While it might be hard to develop a strategy, the rewards are there. The most successful B2B content marketers are 464% more likely to have a documented content marketing strategy than the least successful ones.
Even more interesting, the most successful content marketers are significantly more likely to use marketing automation than the least successful B2B content marketers.
An old study for a new idea
There’s a study from 2013 that shows plainly how content marketers believe marketing automation can improve their content marketing. In fact, they named marketing automation as the best way to drive revenue for a content marketing program.
In 2013, more than 3,000 B2B content marketers were asked, “Which of the following capabilities are most responsible for improving the revenue contribution from your content marketing?”
Respondents were allowed to pick up to three options, and 78 percent of them choose marketing automation. More than two-thirds (68 percent) of them also picked “lead scoring based on content and engagement”, which is now considered to be a core feature of most of the more robust marketing automation systems.
It would be interesting to see what B2B content marketers would say now. But what about you? Do you think the marketing automation you’ve been able to implement so far has improved how you do content marketing?
10 Ways Marketing Automation Makes Content Marketing More Efficient
We’ve touched on all these already, but just to be specific, let’s recap all the ways marketing automation can improve a B2B content marketing program:
- Marketing automation requires a good content inventory system.
In many ways, marketing automation runs on content. So, when you sit down to plan out how your marketing automation system will work, and how your prospects and customers will move through that system, you’ll immediately realize that you need to figure out which pieces of content you have, and what content you don’t have. You’re probably going to have to do a content audit, even if it’s “just” a quick one-week content audit.
- It forces you to fill in the holes in your content inventory.
As you plan out how people will move through your buyer’s journey, you’ll probably discover a few spots where there isn’t any suitable content. This is what the content audit will show you. After you’ve completed the audit, you’ll have a very specific list of content to create, and you’ll urgently need to create it. You won’t have time for “random acts of content” anymore.
- It makes you plan out the buyer’s journey.
Many content marketing strategists talk about “TOFU, MOFU, and BOFU” content (top of the funnel, middle of the funnel, and bottom of the funnel content). That’s a good start, but building a marketing automation system will force you to be far more granular than that.
- It forces you to use multi-touch attribution for your content marketing.
Marketing automation could almost be seen as basically a super-sophisticated attribution model. And if you’re doing lead scoring, it only gets more sophisticated. This might be a little intimidating to set up, but it’s ultimately a good thing. B2B content marketers who use marketing automation tend to know exactly which parts of their marketing work, or don’t work. In other words, they can measure ROI.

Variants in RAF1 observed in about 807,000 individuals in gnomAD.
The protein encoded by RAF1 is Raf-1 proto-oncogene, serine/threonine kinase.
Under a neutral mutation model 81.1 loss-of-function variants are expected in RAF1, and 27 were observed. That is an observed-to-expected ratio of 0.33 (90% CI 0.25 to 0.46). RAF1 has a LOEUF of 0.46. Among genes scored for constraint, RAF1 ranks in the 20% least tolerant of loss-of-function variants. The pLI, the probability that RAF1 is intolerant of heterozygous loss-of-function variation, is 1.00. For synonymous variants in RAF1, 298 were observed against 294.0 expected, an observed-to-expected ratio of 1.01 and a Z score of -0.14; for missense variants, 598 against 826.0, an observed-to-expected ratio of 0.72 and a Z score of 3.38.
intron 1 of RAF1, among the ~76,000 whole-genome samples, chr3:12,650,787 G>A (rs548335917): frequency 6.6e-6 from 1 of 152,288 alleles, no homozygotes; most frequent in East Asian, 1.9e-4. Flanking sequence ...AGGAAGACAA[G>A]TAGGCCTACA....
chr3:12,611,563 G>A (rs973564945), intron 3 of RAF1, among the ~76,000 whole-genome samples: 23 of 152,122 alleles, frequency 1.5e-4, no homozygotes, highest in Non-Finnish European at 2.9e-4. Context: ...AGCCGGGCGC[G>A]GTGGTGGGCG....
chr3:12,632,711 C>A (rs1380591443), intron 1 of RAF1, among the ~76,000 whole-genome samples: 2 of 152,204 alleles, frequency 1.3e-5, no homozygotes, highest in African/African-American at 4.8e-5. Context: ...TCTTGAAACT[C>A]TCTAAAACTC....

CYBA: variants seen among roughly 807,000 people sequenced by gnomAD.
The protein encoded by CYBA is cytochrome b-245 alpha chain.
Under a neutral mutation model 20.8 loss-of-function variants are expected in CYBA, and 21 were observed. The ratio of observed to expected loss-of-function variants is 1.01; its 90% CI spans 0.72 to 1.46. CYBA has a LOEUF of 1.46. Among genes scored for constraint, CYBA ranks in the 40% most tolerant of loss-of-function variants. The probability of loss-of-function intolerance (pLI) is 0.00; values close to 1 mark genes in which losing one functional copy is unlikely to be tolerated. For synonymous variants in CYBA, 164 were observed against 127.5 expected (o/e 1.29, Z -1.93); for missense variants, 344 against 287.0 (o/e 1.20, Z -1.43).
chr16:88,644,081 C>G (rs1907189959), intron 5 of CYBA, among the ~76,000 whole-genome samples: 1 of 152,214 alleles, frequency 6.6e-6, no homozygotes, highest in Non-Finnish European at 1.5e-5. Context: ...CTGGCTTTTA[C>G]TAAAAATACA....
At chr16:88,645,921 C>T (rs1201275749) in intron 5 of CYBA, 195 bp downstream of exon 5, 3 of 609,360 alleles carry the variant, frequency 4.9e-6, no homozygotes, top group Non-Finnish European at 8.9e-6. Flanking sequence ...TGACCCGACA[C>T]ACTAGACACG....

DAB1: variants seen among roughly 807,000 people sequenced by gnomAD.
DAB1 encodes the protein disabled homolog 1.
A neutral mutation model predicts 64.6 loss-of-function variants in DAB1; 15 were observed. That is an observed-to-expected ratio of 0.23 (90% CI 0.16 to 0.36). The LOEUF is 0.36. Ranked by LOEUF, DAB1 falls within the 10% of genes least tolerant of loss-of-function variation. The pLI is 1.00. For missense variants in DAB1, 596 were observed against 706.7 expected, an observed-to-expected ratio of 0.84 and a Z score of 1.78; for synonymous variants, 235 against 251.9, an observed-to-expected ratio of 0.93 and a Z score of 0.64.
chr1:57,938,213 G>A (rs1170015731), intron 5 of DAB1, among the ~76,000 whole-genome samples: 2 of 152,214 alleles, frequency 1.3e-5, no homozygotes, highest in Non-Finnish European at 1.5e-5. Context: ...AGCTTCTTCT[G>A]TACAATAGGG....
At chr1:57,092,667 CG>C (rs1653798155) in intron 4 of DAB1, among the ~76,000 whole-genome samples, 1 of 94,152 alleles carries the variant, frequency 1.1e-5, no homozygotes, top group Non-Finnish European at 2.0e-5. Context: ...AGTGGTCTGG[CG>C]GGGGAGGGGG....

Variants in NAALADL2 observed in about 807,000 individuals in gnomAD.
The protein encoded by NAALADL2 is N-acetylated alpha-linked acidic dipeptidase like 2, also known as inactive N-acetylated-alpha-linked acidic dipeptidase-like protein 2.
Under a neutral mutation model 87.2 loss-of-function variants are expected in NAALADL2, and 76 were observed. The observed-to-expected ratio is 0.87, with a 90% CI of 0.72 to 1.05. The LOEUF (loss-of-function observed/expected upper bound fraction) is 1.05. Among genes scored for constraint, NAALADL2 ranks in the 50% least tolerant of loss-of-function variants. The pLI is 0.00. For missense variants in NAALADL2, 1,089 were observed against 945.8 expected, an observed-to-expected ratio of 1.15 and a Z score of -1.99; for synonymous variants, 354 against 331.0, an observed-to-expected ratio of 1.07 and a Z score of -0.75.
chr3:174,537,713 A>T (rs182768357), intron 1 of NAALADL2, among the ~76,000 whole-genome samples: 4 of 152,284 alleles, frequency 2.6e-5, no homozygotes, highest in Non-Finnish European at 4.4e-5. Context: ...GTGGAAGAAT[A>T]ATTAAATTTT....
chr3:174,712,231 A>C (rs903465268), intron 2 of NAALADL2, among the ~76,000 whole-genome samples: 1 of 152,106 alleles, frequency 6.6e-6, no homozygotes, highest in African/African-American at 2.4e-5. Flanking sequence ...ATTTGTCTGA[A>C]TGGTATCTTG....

- It forces you to define buyer personas.
Hopefully, it will force you to define personas beyond the usual level of “Staci Stevens, a marketing manager who wants to save time”. In fact, you may find that you have to toss out most of the standard ideas about personas, and focus instead on behavioral data. You could create behavior-based personas.
- It will make you think about content re-purposing.
I’m sure you’ve heard about how different content formats tend to work better or worse at different stages of the buyer’s journey. Well, bring that idea into your content planning for marketing automation. Consider converting a couple of blogs posts for end-of-the-funnel prospects into interactive content. If you can get those prospects to fill out a quiz or an assessment, you’ll be able to give Sales some precious information.
- It will give you a holistic view of every piece of content you publish.
Ever felt exhausted by pushing out yet another blog post, yet another ebook? All that ends when you’ve got a marketing automation system. You will no longer just be pumping out content for content’s sake. You’ll be building a prospect education machine.
- It will force you to add calls to action to your content, or at least to have a “next step” prepared for every piece of content.
Do you have a call-to-action at the close of every blog post? A CTA for every social media post, or triggered emails ready to send after any white paper has been downloaded? Having a marketing automation system means you can automate all those actions. And if you want to move people through the buyer’s journey (which is the whole point), then you’ll get very good at asking “what’s the next step?” for every piece of content you plan.
- Marketing automation will make content marketing – and content marketers – more productive.
Marketers often cite “improved productivity” as the biggest benefit of marketing automation. This is certainly something that every content marketer could use more of.
10. You may find you need to create less content than before.
Marketing automation brings in the discipline of planning and strategy. This makes our work more efficient, but it also makes each individual piece of content more efficient, too.
If we can get more results from each piece of content, then we can get more results without having to just keep creating more content for the sake of it. We’re no longer just “publishing three times a week” because that seems like what’s needed to look like we’re doing content marketing.
How else can marketing automation improve a content marketing program? Leave a comment or connect with us on Twitter to tell us what you’ve seen.